The Road to Success is paved with Small Improvements

The Road to Success is paved with Small Improvements

This talk discusses the architectural past of Etsy and how it
evolved over the years. It also goes into detail about the tooling we wrote and leverage for making out continuous deployment culture work. It then goes on and describes out culture of blameless postmortems and how we strive to be a learning organziation and integrates learning into the process of incident response and handling.

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Daniel Schauenberg

January 14, 2015
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Transcript

  1. The Road to Success is paved with Small Improvements Daniel

    Schauenberg • d@etsy.com • @mrtazz
  2. None
  3. None
  4. None
  5. The Monolith

  6. LAMP

  7. We deploy quite a lot

  8. How comfortable are you deploying a change right now

  9. MTTR trumps MTBF

  10. If this is your first day at Etsy you deploy

    the site
  11. None
  12. The Dark Past

  13. None
  14. Hindsight is 20/20 There would be no Etsy I wasn't

    around for this (the grain of salt disclaimer)
  15. dark less fun

  16. Architecture Overview Ubuntu Postgresql Lighttpd PHP/Python

  17. Single Big Database

  18. Business Logic in Stored Procedures

  19. None
  20. silos

  21. DEV ! DBA ! OPS

  22. Sprouter

  23. Stored Procedure Routing Middleware

  24. "Now you don't have to touch the database"

  25. A software manifestation of silos

  26. Site uptime wasn't good

  27. <3 uptime

  28. None
  29. Trust the people

  30. None
  31. Sprouter

  32. Master

  33. Horizontal Scaling (A single box only scales so far)

  34. Master-Master replicated MySQL Shards

  35. Flickr DNA

  36. Deploy != Release

  37. Feature Flags

  38. if Feature::isEnabled($feature) { // new hawtness } else { //

    nothing to see here }
  39. Chef

  40. <3 Chef

  41. repo open to everyone everybody can make changes ~30 regular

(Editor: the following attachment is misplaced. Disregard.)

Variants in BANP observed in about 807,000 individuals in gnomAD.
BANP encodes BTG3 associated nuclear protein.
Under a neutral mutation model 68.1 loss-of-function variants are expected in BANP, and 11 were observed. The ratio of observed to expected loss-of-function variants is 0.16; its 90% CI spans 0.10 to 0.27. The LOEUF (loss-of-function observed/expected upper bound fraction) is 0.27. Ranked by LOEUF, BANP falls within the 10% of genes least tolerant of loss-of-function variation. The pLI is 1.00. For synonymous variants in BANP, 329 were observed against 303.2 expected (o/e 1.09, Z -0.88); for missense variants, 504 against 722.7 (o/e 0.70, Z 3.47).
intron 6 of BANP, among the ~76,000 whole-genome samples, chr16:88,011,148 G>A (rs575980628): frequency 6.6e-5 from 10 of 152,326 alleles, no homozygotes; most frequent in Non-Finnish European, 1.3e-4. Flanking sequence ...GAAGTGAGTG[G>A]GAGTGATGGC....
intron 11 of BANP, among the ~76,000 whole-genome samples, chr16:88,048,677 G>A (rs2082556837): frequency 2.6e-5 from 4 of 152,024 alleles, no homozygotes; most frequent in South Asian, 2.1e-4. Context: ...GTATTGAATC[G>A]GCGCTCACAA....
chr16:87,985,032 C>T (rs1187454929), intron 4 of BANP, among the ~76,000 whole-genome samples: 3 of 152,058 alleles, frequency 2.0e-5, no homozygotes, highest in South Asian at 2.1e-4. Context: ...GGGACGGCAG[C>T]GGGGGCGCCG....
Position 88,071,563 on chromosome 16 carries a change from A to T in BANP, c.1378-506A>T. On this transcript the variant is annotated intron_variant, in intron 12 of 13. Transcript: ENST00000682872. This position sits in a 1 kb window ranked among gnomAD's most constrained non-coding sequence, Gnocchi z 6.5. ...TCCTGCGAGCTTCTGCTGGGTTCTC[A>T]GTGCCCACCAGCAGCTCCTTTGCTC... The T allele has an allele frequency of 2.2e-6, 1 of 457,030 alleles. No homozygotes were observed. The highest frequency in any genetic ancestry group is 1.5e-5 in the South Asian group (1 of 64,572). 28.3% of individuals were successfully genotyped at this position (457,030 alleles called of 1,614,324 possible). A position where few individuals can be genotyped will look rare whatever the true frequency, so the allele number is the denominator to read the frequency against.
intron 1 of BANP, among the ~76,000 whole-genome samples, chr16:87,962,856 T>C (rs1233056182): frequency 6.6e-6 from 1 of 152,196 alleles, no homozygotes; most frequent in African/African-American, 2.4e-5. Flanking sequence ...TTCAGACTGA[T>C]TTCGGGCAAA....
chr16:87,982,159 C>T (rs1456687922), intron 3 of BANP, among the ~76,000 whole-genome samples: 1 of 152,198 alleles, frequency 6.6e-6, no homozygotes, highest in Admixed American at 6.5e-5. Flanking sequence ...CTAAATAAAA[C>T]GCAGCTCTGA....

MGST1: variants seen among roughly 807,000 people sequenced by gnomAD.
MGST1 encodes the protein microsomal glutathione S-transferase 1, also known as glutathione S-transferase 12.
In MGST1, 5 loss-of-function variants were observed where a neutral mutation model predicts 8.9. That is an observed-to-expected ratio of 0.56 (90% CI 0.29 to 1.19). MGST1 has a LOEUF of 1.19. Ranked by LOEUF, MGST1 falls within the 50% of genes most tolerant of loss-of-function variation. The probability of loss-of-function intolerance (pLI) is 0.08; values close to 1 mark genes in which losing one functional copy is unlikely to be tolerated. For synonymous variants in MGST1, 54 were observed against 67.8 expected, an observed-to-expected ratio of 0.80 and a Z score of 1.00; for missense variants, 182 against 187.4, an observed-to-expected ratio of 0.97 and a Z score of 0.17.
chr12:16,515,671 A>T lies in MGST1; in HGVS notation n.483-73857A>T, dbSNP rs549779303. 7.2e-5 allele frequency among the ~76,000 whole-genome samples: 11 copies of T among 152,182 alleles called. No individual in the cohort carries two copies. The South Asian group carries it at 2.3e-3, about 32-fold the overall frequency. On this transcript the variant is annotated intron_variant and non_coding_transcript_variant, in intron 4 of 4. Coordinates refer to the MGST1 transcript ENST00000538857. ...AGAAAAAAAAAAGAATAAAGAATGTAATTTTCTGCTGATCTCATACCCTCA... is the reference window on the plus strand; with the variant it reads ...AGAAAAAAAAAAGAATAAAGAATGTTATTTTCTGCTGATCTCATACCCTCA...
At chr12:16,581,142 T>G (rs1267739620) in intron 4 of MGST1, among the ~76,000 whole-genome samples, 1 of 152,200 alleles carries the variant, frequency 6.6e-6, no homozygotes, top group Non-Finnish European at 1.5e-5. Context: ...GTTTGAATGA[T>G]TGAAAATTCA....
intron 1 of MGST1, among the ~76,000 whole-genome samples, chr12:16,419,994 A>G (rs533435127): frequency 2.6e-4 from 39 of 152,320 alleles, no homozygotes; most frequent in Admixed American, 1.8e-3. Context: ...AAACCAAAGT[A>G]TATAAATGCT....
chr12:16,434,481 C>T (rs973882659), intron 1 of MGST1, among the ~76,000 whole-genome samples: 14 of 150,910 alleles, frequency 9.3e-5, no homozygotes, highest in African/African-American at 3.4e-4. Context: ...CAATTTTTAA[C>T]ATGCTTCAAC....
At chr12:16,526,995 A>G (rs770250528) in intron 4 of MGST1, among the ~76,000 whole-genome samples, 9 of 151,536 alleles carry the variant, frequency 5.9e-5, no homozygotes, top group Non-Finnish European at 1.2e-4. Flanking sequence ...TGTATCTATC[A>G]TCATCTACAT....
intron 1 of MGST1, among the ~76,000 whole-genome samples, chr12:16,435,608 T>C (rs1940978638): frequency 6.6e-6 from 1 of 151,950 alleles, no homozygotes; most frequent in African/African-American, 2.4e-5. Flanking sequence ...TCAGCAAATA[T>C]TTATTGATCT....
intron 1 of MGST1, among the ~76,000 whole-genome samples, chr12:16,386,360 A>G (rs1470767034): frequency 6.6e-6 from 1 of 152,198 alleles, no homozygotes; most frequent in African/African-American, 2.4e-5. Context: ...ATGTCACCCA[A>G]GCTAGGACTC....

contributors
  42. None
  43. knife-spork knife-flip knife-lastrun knife-preflight knife-wip chef-whitelist

  44. Feature Flags in Chef

  45. if node.is_in_whitelist? "apache_upgrade" # new hawtness else # boring old

    stuff end
  46. None
  47. Confidence in Dev Environment

  48. Developer VMs Every engineer has one Chef’d with the Etsy

    Stack Different sizes and Chef roles
  49. Self Service

  50. Continuous Integration

  51. None
  52. QA and Unit Staging Smoker Prod Smoker

  53. > 2000 tests

  54. Continuous Integration as the bottleneck of deployment

  55. How to keep it fast?

  56. SSDs!

  57. Not Quite

  58. The Bobs (our builders) LXC Containers 1 Jenkins Agent per

    Container 4 containers per SSD
  59. Try

  60. > try https://github.com/etsy/Trylib

  61. The power of the CI Cluster The ease of your

    local environment
  62. Thanks Mozilla

  63. IRC

  64. None
  65. Deployinator

  66. None
  67. None
  68. Simple Web Application

  69. METRICS!

  70. None
  71. Ganglia & Graphite

  72. None
  73. StatsD "how do you know this works in production?"

  74. Statsd::increment("foo") Statsd::timing("bar", 10)

  75. Dashboard Framework

  76. $graph = new Graph_Graphite_Simple( [ 'title' => 'Packets Received (nodejs)',

    'metrics' => 'stats.%s.packets_received', 'limit_y_axis' => true, 'stacked' => true, 'width' => $width, ] )